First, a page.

Click here to read reviewer Luan Gaines' take on Crusader's Cross: A Dave Robicheaux Novel.
Crusader’s Cross begins with the narrator and protagonist, David Robicheaux, reminiscing about the past, when he and his half-brother, Jimmie, were young in 1958, an age of innocence for the USA (or perhaps it was just him who was innocent). He recalls an event pertinent to plot: he and his brother swam out too far to a sandbar to suddenly find the fin of a shark piercing the water around them. They debate whether or not to just swim for it, hoping to reach shore, when a young girl named Ida rows up and rescues them.
Jimmie is instantly smitten with the young Ida. Ida is a singer, mandolin player, and (unspoken by her) a prostitute under the thumb of her pimp, working out of a house on Post Office Street. This knowledge comes to the boys later, but Jimmie’s heart remains with Ida. The two are separated only by her abrupt disappearance. Her mandolin is smashed, there is blood on a chair, and Ida is gone.
Probably murdered. But her disappearance goes unsolved for years. Decades pass, and Dave Robicheaux is now an ex-detective, retired from the New Orleans Police Department. He is also a recovering alcoholic.
An acquaintance of Dave’s gets in a fight and is stabbed. Dying, he makes a confession to Dave, telling him that Ida was “snatched up” by the Galveston cops (the acquaintance’s uncle was on the Galveston Police Department). Dave, who has wondered for years about (and felt some guilt over) the disappearance of the girl, contacts his friend, an ex-cop-turned-P.I named Clete Purcel, and an investigation into the “cold case” is on. Dave also contacts his brother Jimmie. Jimmie has always believed that Ida remained alive to sing and make music on her fiddle.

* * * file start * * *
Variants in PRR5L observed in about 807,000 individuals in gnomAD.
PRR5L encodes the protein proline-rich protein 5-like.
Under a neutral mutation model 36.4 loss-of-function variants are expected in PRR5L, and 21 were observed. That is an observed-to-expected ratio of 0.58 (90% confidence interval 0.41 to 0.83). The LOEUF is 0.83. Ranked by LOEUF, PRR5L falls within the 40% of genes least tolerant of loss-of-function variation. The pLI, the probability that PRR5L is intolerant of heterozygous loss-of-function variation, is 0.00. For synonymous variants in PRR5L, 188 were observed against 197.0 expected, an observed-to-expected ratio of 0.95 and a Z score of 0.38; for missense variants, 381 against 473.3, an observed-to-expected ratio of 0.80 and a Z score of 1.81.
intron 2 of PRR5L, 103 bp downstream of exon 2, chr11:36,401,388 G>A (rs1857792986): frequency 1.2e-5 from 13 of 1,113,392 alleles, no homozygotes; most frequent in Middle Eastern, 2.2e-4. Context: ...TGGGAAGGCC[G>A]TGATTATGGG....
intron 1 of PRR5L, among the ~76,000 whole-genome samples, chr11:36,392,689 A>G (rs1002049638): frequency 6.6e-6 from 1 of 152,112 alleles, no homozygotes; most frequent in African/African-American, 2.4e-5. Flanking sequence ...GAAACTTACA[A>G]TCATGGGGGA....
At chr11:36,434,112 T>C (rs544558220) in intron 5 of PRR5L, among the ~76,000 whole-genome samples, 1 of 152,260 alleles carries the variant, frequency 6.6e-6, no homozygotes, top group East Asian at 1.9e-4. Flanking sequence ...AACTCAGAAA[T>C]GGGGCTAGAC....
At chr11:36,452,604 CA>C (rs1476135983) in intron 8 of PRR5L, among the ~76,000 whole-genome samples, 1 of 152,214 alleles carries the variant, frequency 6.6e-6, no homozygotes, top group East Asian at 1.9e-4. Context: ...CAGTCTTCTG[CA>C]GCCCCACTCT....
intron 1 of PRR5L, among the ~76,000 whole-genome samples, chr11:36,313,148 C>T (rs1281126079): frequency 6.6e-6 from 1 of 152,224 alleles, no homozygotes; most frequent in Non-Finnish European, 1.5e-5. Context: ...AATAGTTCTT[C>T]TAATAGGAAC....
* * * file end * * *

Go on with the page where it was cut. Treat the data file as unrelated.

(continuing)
Clete Purcel is one of the toughest and “beyond-the-law” cops that ever existed, and Dave is not far behind. Burke describes Clete as having committed mayhem against the bad guys and doing so in a “blithe, carefree spirit, like a unicorn on purple acid crashing good-naturedly through a clock shop.”
There is, as it turns out, also a serial killer on the prowl, abducting and killing woman at random, taking them from their very homes as they return from shopping for groceries or tend to the garden in broad daylight. And there is the Chalons family, the richest family in the area with many secrets to hide. They are, as Dave and Clete begin to understand, somehow connected to the long-ago disappearance (and murder?) of Jimmie’s Ida.
Crusader’s Cross is a complex mystery with many twists and turns, written in Burke’s lyrical prose. Burke presents us with the sights and sounds and smells of the bayou, so well that at times we can smell the water and even feel the mosquitoes biting us as we watch the sun set in the evening. Dave Robicheaux is a good but flawed man, trying his best to do right in a world that constantly forces or entices a man to do otherwise. Very highly recommended; there is no better writer of mysteries around today than James Lee Burke.